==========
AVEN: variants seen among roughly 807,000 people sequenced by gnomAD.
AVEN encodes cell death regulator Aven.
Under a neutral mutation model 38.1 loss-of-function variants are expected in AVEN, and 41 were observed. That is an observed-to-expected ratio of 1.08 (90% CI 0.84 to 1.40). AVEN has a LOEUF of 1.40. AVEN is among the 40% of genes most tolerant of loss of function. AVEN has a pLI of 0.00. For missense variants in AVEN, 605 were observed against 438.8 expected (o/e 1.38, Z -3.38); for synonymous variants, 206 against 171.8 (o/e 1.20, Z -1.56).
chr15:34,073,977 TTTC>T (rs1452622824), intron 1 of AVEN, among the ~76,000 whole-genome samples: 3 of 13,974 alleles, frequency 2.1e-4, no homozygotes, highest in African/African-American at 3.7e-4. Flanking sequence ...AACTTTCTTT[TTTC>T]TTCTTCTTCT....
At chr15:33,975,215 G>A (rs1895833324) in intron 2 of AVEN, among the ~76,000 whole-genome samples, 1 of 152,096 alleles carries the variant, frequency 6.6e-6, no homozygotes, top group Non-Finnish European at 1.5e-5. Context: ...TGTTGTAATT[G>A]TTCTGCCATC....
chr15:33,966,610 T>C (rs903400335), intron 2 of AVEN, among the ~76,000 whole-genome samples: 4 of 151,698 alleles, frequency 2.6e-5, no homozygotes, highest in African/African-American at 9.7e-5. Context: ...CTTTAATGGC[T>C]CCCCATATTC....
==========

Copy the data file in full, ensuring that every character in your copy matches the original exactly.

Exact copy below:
AVEN: variants seen among roughly 807,000 people sequenced by gnomAD.
AVEN encodes cell death regulator Aven.
Under a neutral mutation model 38.1 loss-of-function variants are expected in AVEN, and 41 were observed. That is an observed-to-expected ratio of 1.08 (90% CI 0.84 to 1.40). AVEN has a LOEUF of 1.40. AVEN is among the 40% of genes most tolerant of loss of function. AVEN has a pLI of 0.00. For missense variants in AVEN, 605 were observed against 438.8 expected (o/e 1.38, Z -3.38); for synonymous variants, 206 against 171.8 (o/e 1.20, Z -1.56).
chr15:34,073,977 TTTC>T (rs1452622824), intron 1 of AVEN, among the ~76,000 whole-genome samples: 3 of 13,974 alleles, frequency 2.1e-4, no homozygotes, highest in African/African-American at 3.7e-4. Flanking sequence ...AACTTTCTTT[TTTC>T]TTCTTCTTCT....
At chr15:33,975,215 G>A (rs1895833324) in intron 2 of AVEN, among the ~76,000 whole-genome samples, 1 of 152,096 alleles carries the variant, frequency 6.6e-6, no homozygotes, top group Non-Finnish European at 1.5e-5. Context: ...TGTTGTAATT[G>A]TTCTGCCATC....
chr15:33,966,610 T>C (rs903400335), intron 2 of AVEN, among the ~76,000 whole-genome samples: 4 of 151,698 alleles, frequency 2.6e-5, no homozygotes, highest in African/African-American at 9.7e-5. Context: ...CTTTAATGGC[T>C]CCCCATATTC....